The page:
The Trump administration’s “public charge” rule will increase hunger and poverty in New Mexico

ALBUQUERQUE—In a reckless new attack on immigrant families, the Trump administration has proposed a federal rule that would allow the government to deny green cards and visa renewals to immigrants who have participated in programs that help with basic needs like medical care, food, and housing.

The rule change primarily impacts lawfully present immigrants applying for green cards and immigrants seeking entry to the U.S. through family-based petitions. It will significantly disrupt access to food, healthcare, and shelter for millions of immigrant families nationwide and hundreds of thousands of New Mexicans.

“No family should have to choose between meeting basic needs and being with their loved ones,” said Sovereign Hager, legal director at the New Mexico Center on Law and Poverty.

Trump’s new rule drastically expands the list of programs that jeopardize immigration status to include nearly all available basic need programs like Medicaid and SNAP, formerly known as food stamps. The “public charge” rule currently only considers receipt of cash benefits and institutional care as a public charge reason to deny immigrants admission to U.S. or to deny their application for legal residency. The new rule will not be retroactive, so the current use of food and medical benefits do not fall under the proposed rule.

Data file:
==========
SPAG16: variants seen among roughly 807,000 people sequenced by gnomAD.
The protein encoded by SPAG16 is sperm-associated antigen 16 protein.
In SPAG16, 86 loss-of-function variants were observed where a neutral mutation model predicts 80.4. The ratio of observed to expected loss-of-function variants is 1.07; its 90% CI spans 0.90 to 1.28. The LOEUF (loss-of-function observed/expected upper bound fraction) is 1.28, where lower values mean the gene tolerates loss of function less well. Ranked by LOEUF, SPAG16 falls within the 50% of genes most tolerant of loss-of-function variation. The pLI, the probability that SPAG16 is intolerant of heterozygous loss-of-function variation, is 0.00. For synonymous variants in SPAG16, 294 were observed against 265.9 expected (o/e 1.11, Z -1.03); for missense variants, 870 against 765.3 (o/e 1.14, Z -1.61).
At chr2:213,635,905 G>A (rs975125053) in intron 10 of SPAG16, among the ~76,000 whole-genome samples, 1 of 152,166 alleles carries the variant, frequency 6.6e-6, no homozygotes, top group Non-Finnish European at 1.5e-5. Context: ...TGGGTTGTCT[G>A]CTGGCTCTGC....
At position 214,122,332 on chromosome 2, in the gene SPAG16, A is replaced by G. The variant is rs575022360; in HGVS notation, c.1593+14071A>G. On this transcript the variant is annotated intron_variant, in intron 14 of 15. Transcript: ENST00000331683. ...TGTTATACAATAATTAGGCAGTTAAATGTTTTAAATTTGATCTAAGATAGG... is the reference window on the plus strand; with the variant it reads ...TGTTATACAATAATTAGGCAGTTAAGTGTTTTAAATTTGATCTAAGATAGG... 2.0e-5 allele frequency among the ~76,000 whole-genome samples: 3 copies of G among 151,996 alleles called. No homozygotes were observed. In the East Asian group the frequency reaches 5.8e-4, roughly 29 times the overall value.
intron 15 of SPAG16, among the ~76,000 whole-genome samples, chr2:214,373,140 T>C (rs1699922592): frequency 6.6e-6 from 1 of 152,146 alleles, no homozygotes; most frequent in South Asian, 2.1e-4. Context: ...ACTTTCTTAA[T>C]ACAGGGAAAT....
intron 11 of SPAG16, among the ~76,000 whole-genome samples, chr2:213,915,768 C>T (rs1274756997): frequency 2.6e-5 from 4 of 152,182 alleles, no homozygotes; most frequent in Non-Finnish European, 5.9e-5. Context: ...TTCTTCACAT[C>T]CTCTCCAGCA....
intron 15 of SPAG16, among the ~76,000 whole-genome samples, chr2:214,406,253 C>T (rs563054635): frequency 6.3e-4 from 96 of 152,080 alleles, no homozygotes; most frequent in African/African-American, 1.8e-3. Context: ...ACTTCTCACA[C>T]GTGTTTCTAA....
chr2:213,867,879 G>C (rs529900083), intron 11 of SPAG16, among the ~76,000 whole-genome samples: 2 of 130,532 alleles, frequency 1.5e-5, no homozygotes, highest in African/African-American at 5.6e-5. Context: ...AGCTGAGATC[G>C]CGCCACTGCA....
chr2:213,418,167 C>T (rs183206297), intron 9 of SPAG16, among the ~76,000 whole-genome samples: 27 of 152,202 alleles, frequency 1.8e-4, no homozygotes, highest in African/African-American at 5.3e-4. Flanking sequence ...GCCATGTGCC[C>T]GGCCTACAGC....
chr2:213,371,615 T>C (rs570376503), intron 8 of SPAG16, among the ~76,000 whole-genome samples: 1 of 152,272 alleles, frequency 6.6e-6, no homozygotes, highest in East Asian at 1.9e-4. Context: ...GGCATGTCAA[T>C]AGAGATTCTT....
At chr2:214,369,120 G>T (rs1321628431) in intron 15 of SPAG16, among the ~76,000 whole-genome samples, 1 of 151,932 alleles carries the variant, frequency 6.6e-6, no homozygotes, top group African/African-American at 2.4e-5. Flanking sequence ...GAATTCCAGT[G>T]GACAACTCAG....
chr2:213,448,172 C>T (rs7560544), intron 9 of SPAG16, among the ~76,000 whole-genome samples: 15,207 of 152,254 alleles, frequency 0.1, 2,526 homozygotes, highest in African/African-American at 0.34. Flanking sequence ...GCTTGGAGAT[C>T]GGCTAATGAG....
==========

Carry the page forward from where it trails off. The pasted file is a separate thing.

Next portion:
19.8 million children in the U.S. live with at least one immigrant parent. When eligible family members cannot access food assistance because they fear immigration consequences, the entire family has reduced access to food. Nearly five million citizen children and at least 30,000 U.S. citizen children in New Mexico may face a reduction in food benefits.

“The latest scheme unfairly changes the rules for families who’ve waited for years to be reunited,” said Sireesha Manne, executive director at the New Mexico Center on Law and Poverty. “It creates a pay-to-play immigration system where green cards go to the highest bidders in wealthier households.”

The Trump administration’s policy agenda is already causing immigrants to forgo crucial assistance for themselves and their citizen children for fear of being targeted for deportation. By penalizing families for accepting help with food and medical care for which they are eligible, the policy will increase inequality and make us a sicker, hungrier, poorer nation.

The New Mexico Center on Law and Poverty denounces this cruel and reckless public charge proposal. In the weeks and months to come, the organization will work tirelessly to mobilize with state and national partners to oppose the proposed rule.

“The best way to strengthen our country is to ensure that all families who live in it can meet their basic needs. All families have a human right to food, medical care, and shelter to thrive and contribute to their communities and our country,” said Hager. “These cruel attacks on immigrant families must stop for our nation to end inequality and increase opportunity.”

Find out more about the public charge rule here: http://nmpovertylaw.org/wp-content/uploads/2018/09/Factsheet-Know-the-facts-about-public-charge-2018-09-23.pdf

A copy of the proposed new rule can be found here: https://www.dhs.gov/publication/proposed-rule-inadmissibility-public-charge-grounds#